Hey, sometimes planets just explode.
In fact, for some gravity theories the trick is to figure out why all planets don’t explode all the time. Astronomer Tom Van Flandern is up to the challenge.
I’d often read and heard references to Tom Van Flandern and his exploding planet theories, but I’d never taken them seriously enough to check. After reading some of Halton Arp’s articles I tracked down Van Flandern’s website and read the details of his theories.
I’m still not sure if Van Flandern is on the level or if he is just having fun by tweaking the antennas, by tugging on the tin foil, of internet fringe amateur scientists by making up theories that kinda sorta come close to something kinda sorta like reason.
However since Van Flandern’s theories are certainly no less odd than currently acceptable speculation about dark matter, dark energy and string theory, I’m going to deal with his theories as if he’s on the level. At least for this week.
For the most part, I’m interested in theories of exploding planets and increasing mass just for their impact on solar system formation. I’m going to talk about that tomorrow, because I haven’t seen—yet—either Arp or Van Flandern address that issue directly and it seems to be the most attractive aspect of such thinking.
As background to tomorrow’s post, here is Van Flandern writing about exploding planets. Prior to this excerpt, he has identified three mechanisms which can cause a planet to explode. He briefly discusses two of them—phase changes and natural fission—and then turns his attention to the key dynamic, gravitational heat energy. [This excerpt is heavily footnoted, but I’ve removed the notes. You can check out the references in the original by following the link at the end of the quote. As some experienced internet readers would probably guess, most of the footnotes refer to other writings by Van Flandern.       ;-)       ]
The third planetary explosion mechanism involves an unexplored potential source of energy. Its main strength is that it provides an indefinitely large reservoir of energy, quite sufficient for exploding giant planets and even stars. Its main weakness is its break with conventional thinking, which should not at all be equated with implausibility. In fact, the energy source itself is just our familiar old friend, gravity.
The theory of general relativity (GR) has one mathematical form but two different physical interpretations – the field and the geometric. Unfortunately for both physics students trying to learn the theory and for the progress of science, only the geometric or “curved space-time” interpretation of GR is still taught in most schools and textbooks. In the geometric interpretation, gravity is not a conventional physical force at all, but is merely a consequence of the curvature of “space-time”. Bodies follow the nearest equivalent of a straight line available to them through this space-time conception. (Note that “space-time” is quite different from space plus time separately. For example, time must be factored by the unit for imaginary numbers i, and the path of a body through space is quite different from a straight line through space.) Because of the passive nature of motion changes in this conception (i.e., no force acts), gravity adds no internal energy to the bodies it acts upon. However, this geometric interpretation has the disadvantage that it violates two principles of physics – causality and momentum conservation. In brief, a body at rest lacks a cause to commence motion; and changes in the momentum of any target of gravity must be created ex nihilo rather than by assimilating momentum from a source mass via some propagating momentum carrier.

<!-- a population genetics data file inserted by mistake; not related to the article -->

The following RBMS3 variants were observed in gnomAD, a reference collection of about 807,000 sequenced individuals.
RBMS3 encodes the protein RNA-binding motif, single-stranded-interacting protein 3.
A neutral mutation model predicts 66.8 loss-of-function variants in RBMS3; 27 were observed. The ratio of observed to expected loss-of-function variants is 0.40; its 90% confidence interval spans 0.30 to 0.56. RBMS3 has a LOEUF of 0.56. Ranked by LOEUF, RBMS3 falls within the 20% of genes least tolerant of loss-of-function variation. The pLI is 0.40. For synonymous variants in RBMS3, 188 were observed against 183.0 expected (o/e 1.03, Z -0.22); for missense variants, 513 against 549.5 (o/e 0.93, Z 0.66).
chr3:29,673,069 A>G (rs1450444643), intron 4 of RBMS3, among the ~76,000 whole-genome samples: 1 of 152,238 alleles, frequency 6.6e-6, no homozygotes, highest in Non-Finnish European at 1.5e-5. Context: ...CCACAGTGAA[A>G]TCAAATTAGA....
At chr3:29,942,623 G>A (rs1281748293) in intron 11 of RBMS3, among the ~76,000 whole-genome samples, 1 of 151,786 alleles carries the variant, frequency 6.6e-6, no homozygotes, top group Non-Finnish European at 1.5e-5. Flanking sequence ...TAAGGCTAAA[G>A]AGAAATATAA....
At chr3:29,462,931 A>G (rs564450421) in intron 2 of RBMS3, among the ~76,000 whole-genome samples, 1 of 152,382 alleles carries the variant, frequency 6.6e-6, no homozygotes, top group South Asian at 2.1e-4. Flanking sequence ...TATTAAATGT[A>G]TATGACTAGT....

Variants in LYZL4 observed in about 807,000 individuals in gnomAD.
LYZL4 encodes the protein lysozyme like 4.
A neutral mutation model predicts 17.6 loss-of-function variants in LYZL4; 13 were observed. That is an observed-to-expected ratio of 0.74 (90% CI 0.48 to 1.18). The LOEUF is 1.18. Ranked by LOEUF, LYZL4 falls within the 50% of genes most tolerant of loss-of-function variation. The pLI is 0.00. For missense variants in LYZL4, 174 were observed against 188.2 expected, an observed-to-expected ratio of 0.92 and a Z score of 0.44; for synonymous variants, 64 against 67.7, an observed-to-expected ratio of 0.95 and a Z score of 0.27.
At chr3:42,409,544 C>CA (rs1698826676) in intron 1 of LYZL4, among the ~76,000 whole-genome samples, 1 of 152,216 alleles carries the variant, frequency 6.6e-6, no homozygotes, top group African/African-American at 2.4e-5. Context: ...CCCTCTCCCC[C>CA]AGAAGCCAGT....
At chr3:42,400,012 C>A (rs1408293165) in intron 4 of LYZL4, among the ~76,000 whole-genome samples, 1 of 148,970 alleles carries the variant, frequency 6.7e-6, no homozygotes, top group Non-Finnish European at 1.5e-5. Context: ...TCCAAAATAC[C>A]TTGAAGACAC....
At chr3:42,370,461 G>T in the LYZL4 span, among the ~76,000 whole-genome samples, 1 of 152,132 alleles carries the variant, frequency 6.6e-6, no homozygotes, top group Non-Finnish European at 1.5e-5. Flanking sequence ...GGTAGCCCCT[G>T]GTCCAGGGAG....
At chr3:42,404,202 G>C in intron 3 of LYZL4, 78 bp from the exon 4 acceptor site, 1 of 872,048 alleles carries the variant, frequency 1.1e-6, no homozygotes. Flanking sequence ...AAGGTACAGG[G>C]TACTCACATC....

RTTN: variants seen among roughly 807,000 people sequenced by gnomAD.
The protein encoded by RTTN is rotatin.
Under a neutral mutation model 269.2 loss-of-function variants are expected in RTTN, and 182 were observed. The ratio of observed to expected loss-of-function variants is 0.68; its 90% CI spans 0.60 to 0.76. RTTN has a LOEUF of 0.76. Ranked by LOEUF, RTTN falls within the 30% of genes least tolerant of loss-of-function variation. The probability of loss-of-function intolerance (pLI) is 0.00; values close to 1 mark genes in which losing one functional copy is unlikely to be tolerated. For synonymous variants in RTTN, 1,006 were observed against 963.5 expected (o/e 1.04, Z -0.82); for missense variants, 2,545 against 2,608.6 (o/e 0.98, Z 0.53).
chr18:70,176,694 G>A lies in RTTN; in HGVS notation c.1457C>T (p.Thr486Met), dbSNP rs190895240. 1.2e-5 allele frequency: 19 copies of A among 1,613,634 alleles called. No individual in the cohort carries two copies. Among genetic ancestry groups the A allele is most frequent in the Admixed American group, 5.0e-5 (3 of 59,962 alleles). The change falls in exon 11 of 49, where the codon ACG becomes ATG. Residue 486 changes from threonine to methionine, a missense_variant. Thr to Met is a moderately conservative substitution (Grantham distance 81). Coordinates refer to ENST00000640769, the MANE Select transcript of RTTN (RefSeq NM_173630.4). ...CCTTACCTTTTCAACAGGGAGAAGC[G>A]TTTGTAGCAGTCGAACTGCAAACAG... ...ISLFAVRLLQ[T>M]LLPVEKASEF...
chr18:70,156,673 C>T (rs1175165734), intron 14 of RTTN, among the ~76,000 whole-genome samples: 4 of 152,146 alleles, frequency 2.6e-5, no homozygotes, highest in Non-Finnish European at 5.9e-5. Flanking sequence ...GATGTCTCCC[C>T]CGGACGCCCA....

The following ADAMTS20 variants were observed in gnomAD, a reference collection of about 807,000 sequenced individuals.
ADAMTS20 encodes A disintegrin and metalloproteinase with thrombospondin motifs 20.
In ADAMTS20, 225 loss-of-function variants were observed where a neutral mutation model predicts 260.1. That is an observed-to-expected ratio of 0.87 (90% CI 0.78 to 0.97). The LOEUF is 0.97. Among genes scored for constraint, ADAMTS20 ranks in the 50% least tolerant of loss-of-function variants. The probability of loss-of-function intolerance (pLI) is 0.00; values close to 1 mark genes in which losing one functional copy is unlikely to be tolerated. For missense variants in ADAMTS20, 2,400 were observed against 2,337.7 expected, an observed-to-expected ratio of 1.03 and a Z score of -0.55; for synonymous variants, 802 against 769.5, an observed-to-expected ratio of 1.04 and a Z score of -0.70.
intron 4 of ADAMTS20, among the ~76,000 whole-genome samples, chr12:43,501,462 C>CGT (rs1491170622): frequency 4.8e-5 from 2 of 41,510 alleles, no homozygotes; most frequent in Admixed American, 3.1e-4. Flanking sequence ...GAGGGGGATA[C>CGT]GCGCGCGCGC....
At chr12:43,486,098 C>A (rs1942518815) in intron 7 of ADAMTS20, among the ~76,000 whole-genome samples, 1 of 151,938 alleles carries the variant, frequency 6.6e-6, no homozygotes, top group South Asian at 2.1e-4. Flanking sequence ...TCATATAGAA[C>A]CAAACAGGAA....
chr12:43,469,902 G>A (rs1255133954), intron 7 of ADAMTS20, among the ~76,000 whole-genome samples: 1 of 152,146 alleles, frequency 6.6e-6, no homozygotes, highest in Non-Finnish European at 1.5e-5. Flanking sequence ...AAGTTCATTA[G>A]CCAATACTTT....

However, GR has an alternative “force” interpretation, the view preferred by Einstein, Dirac, and Feynman, among many other physicists of their times. In this view, gravity is an ordinary physical force. It differs from Newtonian gravitational force only by the addition of a few small effects such as the bending of light rays passing a source mass. These small effects may be thought of as either due to a curvature of space (although a taut rope is unaffected) or alternately as a refraction effect in an optical medium – the light-carrying medium (LCM). We will hereafter refer to this medium as “elysium”, an appropriate concept from Greek mythology that is phonetically similar to “LCM”. This “refraction in an optical medium” way of interpreting GR effects was apparently first mentioned in print by Eddington in 1920, but has been discussed more extensively by later authors. Its importance here is that it allows GR to be consistent with models of gravitation that invoke momentum-carrying entities propagating between source masses and target bodies. Such models provide a proximate cause for gravitational acceleration and convey momentum from the source mass to the target body, eliminating the two major objections to the geometric interpretation. But such propagating carrier entities also deposit energy, usually in the form of heat, in the target bodies that absorb them.